waifu

or wifu

What does waifu mean?

Waifu is a term for a fictional character, usually in anime or related media, that someone has great, and sometimes romantic, affection for.

Examples of waifu

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Examples of waifu
“2017 the year where it is impossible to keep the waifu list trimmed.”
Click Stick @Chillypunks Twitter (April 11, 2017)
“You all fail to understand that all these waifus and husbandos are too good for a troublemaker like you and you're lucky to even have Morgana to comfort you.”
Kthulhu Neogaf (April 1, 2017)
“In order to maximize the curtains’ waifu factor, each depicts the characters in a wedding gown.”
Casey Baseel, “Ready to tie the anime knot? Company offers marriage certificate for you and your 2D waifu,” RocketNews24 (Dec 20, 2014)

Where does waifu come from?

waifu
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Waifu originates as a Japanese borrowing and rendering of the English word wife. Evidence for the term in Japanese dates back to at least the 1980s, when some younger Japanese people may have adopted wife as an alternative to the gender limitations implied by the traditional term, kanai, which literally means “inside the house.”

Waifu developed a more specialized meaning in English-speaking anime and manga culture, however, in the 2000s. In the 2002 anime Azumanga Daioh, some students find a photograph a teacher has dropped and ask who the woman in it is. The teacher replies “my wife” in English, which is often transcribed as mai waifu thanks to Japanese pronunciation and transliteration practices.

Anime fans began using waifu to refer to a character they were particularly fond of, one they viewed as being special to them. The earliest Urban Dictionary entry for this use of the word dates from 2007, and there’s evidence that the term dates back in its anime sense to at least 2006. It also spread outside the anime fandom, so that characters from video games or even live-action television shows can also be called waifu.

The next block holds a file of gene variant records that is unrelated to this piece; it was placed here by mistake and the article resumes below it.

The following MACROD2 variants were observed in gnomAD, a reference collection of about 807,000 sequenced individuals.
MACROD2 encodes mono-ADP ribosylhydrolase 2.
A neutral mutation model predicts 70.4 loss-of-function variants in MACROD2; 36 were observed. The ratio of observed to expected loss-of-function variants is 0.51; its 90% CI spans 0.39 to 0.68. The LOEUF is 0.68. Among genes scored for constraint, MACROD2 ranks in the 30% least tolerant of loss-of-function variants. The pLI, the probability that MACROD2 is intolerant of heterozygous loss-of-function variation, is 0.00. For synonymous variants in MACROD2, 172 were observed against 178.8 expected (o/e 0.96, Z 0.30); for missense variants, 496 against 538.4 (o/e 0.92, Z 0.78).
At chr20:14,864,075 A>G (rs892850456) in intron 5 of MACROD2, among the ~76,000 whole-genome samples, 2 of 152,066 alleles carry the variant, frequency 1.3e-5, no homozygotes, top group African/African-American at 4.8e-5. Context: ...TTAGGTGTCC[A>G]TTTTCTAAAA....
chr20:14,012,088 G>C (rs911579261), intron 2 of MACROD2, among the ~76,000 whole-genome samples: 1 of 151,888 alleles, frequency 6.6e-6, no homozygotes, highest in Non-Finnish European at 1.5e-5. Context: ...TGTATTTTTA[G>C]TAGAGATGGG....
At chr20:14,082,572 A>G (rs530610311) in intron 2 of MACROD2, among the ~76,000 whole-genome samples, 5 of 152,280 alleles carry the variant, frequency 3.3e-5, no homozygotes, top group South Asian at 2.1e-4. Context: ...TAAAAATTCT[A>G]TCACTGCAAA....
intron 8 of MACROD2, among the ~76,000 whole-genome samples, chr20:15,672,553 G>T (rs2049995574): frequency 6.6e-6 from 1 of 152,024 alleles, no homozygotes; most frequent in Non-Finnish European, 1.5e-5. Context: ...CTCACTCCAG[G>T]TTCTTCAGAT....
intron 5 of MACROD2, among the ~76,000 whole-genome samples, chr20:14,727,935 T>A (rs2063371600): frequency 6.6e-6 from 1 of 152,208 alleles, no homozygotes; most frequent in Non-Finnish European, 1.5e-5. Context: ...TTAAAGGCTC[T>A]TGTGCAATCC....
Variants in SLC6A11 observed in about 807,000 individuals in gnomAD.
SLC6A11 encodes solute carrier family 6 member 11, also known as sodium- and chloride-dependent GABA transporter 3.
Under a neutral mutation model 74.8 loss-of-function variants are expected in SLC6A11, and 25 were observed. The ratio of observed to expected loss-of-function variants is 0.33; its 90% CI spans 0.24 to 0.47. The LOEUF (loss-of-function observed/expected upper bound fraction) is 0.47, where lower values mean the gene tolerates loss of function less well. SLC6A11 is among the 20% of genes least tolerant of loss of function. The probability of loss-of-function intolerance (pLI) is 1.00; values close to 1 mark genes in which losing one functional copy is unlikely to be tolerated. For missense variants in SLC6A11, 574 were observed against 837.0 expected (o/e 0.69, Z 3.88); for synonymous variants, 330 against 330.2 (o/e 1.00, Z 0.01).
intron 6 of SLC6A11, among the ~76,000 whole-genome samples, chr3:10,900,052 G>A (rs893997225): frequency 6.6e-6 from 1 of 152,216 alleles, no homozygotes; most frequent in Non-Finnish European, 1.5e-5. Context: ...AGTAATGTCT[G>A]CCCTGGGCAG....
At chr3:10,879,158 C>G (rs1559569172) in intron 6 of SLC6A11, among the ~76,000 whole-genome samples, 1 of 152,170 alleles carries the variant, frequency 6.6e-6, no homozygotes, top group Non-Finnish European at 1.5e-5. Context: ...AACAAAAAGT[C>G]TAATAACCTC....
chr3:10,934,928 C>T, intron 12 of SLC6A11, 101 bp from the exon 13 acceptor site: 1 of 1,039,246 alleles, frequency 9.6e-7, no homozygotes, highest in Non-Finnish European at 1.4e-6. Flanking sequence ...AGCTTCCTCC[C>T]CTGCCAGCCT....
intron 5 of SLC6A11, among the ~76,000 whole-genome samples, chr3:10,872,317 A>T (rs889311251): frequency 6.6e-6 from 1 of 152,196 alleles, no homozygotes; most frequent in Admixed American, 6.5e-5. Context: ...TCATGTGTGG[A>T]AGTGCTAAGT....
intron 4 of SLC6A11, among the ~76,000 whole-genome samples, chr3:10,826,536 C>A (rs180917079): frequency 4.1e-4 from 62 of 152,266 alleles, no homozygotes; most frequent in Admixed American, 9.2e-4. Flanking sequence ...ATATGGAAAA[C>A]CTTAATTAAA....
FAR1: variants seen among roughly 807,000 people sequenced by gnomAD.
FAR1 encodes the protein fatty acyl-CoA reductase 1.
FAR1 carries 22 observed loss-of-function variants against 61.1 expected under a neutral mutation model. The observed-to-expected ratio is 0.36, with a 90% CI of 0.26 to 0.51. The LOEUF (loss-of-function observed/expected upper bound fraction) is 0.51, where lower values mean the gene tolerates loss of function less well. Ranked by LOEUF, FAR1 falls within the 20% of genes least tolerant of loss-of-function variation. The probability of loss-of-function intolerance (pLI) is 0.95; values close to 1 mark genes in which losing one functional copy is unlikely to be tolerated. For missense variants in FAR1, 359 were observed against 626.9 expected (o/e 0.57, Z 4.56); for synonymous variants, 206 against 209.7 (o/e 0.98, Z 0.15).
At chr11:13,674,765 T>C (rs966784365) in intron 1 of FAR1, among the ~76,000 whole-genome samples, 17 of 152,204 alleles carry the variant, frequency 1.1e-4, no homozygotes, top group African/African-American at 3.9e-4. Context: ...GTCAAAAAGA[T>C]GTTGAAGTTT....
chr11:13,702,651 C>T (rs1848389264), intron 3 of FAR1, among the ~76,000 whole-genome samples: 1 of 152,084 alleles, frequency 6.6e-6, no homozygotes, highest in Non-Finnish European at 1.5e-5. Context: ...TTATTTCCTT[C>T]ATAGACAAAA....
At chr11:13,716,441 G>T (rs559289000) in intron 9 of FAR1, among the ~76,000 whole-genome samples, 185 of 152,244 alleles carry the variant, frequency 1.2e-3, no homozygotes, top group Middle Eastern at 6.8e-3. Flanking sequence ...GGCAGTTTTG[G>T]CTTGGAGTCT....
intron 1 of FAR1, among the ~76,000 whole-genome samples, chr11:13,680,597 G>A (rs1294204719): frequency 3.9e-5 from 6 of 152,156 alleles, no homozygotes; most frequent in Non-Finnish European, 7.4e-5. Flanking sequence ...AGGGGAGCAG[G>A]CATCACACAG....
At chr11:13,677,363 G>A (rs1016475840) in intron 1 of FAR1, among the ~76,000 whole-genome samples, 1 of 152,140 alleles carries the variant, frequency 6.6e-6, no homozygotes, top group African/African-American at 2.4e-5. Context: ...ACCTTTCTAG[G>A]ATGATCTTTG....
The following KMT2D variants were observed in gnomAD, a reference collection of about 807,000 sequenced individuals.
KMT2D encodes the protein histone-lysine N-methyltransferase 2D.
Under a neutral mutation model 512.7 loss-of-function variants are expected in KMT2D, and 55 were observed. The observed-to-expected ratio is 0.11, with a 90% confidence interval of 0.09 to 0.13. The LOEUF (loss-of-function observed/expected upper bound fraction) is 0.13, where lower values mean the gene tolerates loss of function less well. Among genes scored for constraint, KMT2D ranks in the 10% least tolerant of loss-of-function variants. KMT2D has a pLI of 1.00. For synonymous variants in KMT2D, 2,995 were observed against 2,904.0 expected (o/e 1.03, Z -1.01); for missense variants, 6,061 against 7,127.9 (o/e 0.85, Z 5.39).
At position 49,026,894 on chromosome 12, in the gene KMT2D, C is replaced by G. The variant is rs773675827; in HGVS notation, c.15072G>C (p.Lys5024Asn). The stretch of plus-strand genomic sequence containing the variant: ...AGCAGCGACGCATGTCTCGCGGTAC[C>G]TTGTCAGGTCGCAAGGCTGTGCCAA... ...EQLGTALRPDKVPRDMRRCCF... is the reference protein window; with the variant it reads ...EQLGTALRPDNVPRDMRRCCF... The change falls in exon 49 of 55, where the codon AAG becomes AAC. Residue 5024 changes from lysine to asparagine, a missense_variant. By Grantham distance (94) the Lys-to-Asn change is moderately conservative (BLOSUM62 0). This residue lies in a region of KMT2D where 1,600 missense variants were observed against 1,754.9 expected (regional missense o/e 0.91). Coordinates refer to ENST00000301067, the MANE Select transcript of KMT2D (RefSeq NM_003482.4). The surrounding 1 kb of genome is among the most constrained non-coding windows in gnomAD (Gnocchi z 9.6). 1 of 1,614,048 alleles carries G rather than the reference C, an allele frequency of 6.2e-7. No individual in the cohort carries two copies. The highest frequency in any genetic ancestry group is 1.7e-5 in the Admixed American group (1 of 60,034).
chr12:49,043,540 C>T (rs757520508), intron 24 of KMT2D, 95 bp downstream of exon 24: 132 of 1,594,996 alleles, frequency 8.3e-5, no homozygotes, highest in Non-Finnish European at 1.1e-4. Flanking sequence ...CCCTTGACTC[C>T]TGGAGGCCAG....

Who uses waifu?

The male equivalent of waifu is husbando. However, this likely isn’t taken from an actual Japanese loanword, as the Japanese borrowing of husband is hazu.

In anime and related otaku culture, waifu can be used with varying levels of intensity and is subject to varying degrees of ridicule or criticism. Some fans might casually call their favorite female character in a game or anime their waifu. But others are more earnest about it, viewing their waifu as a part of their life. For these people, their feelings, even though they’re well aware the character is fictional, are serious. Body pillows, resin figures, and other merchandise are popular with those who feel this way about their favorite character.

A character who is intentionally created to be loveable, perfect, and generally attractive to the viewer can be referred to as waifu bait on the model of words like jailbait.

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